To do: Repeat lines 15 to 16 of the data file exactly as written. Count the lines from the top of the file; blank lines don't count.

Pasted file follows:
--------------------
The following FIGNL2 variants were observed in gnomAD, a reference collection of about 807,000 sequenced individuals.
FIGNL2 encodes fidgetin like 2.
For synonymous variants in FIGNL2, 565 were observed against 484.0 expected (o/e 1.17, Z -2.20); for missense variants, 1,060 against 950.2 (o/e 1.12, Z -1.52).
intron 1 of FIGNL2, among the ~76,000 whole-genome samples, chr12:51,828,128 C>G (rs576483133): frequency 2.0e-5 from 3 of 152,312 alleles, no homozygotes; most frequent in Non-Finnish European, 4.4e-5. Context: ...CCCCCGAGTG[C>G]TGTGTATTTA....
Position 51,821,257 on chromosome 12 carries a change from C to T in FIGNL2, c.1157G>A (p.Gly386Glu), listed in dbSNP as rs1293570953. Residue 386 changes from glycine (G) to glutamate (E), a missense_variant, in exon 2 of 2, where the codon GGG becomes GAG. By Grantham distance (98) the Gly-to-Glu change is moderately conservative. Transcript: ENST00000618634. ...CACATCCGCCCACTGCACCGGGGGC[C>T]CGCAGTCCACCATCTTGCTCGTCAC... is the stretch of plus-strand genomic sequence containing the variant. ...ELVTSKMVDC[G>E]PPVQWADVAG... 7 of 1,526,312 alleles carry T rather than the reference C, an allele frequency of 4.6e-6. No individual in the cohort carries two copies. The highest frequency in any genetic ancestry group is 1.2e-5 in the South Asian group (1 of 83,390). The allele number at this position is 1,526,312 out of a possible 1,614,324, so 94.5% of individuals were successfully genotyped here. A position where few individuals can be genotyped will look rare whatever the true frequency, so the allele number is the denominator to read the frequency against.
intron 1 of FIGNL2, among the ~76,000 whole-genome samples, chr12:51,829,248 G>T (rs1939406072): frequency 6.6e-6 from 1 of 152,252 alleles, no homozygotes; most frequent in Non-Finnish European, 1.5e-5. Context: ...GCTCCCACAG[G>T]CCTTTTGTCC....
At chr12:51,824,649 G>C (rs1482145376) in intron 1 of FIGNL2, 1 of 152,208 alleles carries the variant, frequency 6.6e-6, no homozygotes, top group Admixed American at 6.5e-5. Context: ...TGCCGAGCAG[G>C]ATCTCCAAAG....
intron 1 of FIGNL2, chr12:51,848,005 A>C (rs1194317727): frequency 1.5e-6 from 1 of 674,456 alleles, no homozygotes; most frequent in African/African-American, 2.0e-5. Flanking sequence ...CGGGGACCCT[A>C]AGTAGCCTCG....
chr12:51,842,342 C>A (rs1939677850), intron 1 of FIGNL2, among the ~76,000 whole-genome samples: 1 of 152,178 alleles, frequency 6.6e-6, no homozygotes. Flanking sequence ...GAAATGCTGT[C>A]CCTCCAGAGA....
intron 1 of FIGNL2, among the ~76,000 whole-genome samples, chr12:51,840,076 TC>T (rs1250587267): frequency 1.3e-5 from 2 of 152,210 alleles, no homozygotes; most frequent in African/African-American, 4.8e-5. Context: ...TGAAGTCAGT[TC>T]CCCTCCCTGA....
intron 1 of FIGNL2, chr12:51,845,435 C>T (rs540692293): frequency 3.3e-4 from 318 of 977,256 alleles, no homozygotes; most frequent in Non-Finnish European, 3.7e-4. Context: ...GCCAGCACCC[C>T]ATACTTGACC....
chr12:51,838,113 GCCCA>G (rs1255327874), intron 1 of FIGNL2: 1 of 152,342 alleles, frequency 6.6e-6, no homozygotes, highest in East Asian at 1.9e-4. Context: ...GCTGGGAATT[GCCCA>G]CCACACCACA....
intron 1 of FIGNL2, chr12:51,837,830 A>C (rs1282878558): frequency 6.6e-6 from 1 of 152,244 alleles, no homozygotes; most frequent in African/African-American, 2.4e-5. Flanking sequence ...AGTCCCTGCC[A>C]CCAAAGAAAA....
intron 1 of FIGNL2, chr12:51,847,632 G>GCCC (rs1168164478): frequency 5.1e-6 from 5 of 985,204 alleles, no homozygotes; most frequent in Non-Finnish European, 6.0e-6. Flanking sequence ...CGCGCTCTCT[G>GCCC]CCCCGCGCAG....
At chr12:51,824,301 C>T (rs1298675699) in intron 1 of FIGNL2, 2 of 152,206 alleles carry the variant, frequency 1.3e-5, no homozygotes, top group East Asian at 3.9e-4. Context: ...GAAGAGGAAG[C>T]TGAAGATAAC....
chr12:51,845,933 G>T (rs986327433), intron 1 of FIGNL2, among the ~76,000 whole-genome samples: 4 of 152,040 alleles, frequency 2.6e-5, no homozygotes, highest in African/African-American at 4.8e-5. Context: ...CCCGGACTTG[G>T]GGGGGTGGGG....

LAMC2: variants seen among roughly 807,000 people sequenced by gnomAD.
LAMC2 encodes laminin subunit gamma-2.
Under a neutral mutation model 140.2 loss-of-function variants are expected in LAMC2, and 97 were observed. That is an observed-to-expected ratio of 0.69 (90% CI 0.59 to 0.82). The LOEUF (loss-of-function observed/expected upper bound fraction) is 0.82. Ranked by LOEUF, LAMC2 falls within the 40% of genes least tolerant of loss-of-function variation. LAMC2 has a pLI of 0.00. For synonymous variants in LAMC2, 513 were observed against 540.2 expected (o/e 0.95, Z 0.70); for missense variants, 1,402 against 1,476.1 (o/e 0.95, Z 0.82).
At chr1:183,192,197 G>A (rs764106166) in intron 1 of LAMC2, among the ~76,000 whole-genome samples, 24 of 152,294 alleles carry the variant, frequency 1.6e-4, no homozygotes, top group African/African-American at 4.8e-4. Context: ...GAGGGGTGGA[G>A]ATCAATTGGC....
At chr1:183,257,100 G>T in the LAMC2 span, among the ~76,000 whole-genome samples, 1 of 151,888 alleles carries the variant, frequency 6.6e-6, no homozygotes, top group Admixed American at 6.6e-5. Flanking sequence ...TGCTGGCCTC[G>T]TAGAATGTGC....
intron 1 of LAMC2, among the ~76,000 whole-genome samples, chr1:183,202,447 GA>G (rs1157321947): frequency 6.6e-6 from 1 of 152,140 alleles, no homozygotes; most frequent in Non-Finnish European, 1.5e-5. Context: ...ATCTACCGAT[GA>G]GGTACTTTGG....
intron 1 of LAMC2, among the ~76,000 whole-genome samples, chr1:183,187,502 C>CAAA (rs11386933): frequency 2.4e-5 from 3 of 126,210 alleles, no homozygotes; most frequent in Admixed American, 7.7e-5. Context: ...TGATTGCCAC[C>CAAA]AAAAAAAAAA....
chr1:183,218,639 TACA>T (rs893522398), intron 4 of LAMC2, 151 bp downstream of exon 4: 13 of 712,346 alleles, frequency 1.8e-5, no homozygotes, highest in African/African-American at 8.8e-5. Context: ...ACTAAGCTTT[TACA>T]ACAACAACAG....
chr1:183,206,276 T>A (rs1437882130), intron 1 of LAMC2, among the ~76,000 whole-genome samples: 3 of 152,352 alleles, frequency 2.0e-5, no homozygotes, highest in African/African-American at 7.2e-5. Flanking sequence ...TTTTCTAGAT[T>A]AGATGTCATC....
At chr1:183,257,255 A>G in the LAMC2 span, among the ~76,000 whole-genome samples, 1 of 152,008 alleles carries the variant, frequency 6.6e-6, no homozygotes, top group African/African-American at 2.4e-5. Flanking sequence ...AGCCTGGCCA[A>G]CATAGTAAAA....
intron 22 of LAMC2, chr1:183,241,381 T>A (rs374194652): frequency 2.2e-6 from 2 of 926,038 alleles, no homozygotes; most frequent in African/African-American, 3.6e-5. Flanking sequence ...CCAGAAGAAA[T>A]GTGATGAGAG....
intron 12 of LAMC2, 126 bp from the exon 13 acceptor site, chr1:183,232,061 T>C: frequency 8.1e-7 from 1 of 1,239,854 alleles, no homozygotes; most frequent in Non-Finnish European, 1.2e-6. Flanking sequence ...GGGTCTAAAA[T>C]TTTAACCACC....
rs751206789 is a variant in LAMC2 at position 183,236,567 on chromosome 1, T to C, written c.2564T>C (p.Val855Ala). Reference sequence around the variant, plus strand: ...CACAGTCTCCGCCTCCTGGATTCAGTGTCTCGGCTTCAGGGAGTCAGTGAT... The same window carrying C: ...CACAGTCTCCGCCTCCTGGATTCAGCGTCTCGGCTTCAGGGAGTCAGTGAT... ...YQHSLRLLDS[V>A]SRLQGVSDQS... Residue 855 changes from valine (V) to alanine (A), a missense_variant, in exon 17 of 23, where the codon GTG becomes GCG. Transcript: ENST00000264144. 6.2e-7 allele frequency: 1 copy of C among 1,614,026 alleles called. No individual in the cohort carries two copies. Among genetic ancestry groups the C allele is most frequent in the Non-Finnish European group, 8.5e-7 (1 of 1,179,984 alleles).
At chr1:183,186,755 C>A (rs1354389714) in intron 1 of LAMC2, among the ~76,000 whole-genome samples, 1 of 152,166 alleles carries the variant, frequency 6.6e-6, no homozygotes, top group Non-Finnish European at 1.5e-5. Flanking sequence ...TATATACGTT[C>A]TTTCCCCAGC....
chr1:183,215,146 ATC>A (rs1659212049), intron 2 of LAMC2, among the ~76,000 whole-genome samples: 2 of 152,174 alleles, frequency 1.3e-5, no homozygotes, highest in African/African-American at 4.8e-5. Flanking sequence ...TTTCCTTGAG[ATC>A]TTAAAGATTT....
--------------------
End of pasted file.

At chr12:51,824,301 C>T (rs1298675699) in intron 1 of FIGNL2, 2 of 152,206 alleles carry the variant, frequency 1.3e-5, no homozygotes, top group East Asian at 3.9e-4. Context: ...GAAGAGGAAG[C>T]TGAAGATAAC....
chr12:51,845,933 G>T (rs986327433), intron 1 of FIGNL2, among the ~76,000 whole-genome samples: 4 of 152,040 alleles, frequency 2.6e-5, no homozygotes, highest in African/African-American at 4.8e-5. Context: ...CCCGGACTTG[G>T]GGGGGTGGGG....